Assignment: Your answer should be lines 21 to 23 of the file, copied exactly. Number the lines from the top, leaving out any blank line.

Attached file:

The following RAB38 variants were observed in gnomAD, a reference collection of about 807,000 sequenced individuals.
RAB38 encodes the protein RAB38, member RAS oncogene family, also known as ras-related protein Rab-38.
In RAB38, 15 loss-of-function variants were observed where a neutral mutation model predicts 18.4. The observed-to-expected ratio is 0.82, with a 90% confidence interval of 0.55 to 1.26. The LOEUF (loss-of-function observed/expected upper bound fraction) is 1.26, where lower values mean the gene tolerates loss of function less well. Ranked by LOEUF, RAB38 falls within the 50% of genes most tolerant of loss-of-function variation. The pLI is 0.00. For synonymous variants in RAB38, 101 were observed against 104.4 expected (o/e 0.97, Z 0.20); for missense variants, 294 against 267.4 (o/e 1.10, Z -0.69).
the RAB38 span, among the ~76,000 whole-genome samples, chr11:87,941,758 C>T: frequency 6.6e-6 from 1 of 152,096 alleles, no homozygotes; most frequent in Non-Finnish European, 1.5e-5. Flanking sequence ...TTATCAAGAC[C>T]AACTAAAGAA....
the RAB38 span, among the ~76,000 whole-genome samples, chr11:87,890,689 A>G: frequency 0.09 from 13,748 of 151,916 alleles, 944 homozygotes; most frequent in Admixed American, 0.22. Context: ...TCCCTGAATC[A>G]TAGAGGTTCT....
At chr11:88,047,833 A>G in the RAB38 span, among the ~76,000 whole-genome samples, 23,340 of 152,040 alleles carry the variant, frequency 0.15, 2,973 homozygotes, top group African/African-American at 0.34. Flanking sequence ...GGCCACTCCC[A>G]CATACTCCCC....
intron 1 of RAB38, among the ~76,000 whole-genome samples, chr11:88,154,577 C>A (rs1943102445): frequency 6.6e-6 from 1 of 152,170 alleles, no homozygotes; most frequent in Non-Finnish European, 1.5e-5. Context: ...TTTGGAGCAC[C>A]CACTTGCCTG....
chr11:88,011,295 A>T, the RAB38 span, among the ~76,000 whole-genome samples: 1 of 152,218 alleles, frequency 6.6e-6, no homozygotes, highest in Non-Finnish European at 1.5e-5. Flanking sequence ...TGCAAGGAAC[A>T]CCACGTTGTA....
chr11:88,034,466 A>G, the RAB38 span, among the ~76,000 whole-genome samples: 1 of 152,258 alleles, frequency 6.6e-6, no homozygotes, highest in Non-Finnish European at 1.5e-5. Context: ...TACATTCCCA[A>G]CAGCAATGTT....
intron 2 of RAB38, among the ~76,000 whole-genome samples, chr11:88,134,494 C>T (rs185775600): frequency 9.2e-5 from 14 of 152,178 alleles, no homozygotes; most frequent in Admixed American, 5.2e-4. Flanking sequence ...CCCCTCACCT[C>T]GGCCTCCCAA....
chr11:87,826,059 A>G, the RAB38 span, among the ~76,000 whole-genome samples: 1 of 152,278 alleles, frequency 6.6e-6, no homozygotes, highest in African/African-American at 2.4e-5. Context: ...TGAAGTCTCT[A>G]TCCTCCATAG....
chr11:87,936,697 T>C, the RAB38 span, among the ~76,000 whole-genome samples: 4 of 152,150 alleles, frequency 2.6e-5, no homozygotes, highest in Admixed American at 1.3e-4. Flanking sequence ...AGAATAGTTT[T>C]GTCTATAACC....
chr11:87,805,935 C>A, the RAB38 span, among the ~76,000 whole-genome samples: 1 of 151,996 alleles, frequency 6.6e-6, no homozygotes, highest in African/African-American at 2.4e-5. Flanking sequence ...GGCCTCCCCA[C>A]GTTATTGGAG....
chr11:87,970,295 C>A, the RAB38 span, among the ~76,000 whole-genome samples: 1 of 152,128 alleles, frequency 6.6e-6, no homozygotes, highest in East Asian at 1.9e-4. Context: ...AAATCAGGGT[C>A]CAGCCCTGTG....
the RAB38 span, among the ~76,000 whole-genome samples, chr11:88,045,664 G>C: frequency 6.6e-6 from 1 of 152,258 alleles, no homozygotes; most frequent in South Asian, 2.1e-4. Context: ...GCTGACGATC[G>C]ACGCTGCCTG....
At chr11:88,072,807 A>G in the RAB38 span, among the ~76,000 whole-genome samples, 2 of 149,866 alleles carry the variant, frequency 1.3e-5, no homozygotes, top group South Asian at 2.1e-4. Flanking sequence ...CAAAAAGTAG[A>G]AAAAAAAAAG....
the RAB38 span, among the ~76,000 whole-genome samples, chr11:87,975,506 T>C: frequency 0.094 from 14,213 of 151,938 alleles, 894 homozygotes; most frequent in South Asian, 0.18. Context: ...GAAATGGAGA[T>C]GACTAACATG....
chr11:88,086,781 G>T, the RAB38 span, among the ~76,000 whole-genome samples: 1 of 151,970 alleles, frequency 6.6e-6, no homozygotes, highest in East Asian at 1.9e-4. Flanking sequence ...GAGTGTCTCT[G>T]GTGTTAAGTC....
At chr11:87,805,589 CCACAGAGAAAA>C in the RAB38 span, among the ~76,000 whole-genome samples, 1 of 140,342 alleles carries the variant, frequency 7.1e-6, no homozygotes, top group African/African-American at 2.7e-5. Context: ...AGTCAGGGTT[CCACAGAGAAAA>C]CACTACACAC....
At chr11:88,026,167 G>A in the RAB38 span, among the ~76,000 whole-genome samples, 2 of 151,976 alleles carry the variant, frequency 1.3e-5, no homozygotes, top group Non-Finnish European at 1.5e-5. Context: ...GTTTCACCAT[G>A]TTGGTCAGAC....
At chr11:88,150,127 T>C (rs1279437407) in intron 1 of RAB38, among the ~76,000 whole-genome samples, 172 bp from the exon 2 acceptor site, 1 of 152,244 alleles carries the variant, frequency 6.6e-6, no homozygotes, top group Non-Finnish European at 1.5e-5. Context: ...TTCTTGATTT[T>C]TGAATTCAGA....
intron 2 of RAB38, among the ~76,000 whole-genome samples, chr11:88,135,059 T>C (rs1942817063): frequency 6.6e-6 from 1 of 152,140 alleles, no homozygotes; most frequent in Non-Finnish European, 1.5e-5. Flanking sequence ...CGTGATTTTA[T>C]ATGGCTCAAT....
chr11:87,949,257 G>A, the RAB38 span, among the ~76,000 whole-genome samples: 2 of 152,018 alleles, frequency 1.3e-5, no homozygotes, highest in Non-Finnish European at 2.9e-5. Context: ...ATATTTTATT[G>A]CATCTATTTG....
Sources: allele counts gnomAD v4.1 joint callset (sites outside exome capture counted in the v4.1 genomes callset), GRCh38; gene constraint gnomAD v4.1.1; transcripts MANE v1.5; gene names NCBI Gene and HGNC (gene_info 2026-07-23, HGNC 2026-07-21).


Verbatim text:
At chr11:88,150,127 T>C (rs1279437407) in intron 1 of RAB38, among the ~76,000 whole-genome samples, 172 bp from the exon 2 acceptor site, 1 of 152,244 alleles carries the variant, frequency 6.6e-6, no homozygotes, top group Non-Finnish European at 1.5e-5. Context: ...TTCTTGATTT[T>C]TGAATTCAGA....
intron 2 of RAB38, among the ~76,000 whole-genome samples, chr11:88,135,059 T>C (rs1942817063): frequency 6.6e-6 from 1 of 152,140 alleles, no homozygotes; most frequent in Non-Finnish European, 1.5e-5. Flanking sequence ...CGTGATTTTA[T>C]ATGGCTCAAT....
chr11:87,949,257 G>A, the RAB38 span, among the ~76,000 whole-genome samples: 2 of 152,018 alleles, frequency 1.3e-5, no homozygotes, highest in Non-Finnish European at 2.9e-5. Context: ...ATATTTTATT[G>A]CATCTATTTG....